A look that was popular in the eighties – when these large silk shirts were also all the trend – was a shirt hanging over a narrow skirt or pants – or today leggings – but belted firmly at the waist with a wide and interesting belt. Have a go and see how this style looks on you. You may need to mess around a bit with the way the shirt gathers below the belt to get the fullness in the front and back not on your hips.
By the way is you still have a large loose silk shirt in this casual ‘workday’ style with the top pocket you can start wearing it again. Just be aware that the collar will probably look a bit big compared to this year’s fashion. You might wish to slightly mask this by adding a scarf at the neck so the color of the scarf takes attention away from the collar.
Two silk shirts compared – my try-on
I live in France but usually order online from retailers based in the UK. For my silk shirt try-on I ordered one from Boden and one from Marks & Spencer’s. Both companies ship worldwide.
I have to say there was very little difference in these two shirts. So little in fact that I wondered whether they had both been manufactured by the same company in China.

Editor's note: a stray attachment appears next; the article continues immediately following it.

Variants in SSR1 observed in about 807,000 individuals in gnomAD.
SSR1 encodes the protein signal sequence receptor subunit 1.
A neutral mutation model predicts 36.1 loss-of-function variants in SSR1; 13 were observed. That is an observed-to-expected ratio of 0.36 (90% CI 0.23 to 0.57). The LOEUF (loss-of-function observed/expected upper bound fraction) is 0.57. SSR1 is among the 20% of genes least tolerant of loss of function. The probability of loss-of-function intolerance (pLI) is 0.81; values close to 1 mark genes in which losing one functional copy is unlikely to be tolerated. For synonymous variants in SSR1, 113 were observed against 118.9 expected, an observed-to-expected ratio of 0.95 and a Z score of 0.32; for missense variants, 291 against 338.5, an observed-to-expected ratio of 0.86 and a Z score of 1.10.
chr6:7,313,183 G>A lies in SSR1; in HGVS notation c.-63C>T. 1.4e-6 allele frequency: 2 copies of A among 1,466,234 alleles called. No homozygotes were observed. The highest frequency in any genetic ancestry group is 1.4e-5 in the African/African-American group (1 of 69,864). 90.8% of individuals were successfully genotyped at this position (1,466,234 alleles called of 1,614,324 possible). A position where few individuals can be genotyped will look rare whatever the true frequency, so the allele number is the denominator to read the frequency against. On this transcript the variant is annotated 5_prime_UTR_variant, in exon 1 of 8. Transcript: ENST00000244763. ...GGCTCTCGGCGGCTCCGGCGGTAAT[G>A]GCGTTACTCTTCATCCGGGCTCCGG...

This is no surprise because Boden has basically taken over the more classic but stylish area of the clothing market for mid-life and older women in the UK.
Anyway, back to the two silk shirts.
As I couldn’t decide between cream and navy for my Fall capsule wardrobe I ordered one of each. I finally decided on the cream simply because I noticed that I had so many navy items already in my capsule.
However, the cream shirt from M&S is a bit see-through as is to be expected with silk. I’m not a fan of the large top pocket but on this shirt it helps lessen the transparency, at least on one side.
They both have the small pointed collar. But the M&S shirt makes a change with the cuffs. Instead of a small cuff it goes for a more feminine look with a longer cuff. These can be worn as they are or, in my case, buttoned and turned over once to form a double thickness cuff, making the cuff look more obvious.
I think on balance I prefer the Boden traditional small cuff simply because I am short and I don’t really like long sleeves to the wrist. It also makes it easier to push up the sleeves to just below the elbow – ideal for shorter women and another flash back to the eighties!
There’s a few pennies difference in the price but I can recommend either.
My other silk shirt recommendations
Silk shirts from retailers based in the US
SaksFifthAvenue.com has a good-looking traditional shirt by Frame, in XS S M L and XL. It is nicely straight cut, hanging long and with the usual back yol and front panel covering the buttons. It has a slightly larger collar than the ones I tried on. Check the current price as so many retailers are discounting clothing right now.
Interestingly I couldn’t find anything on Eileen Fisher whose style is minimalism.
Silk shirts from retailers with US and UK sites
Bodenusa.com is ideal if you live in the States. Their return policies are the most generous I’ve found. The silk shirt I tried on also comes in some beautiful patterns too.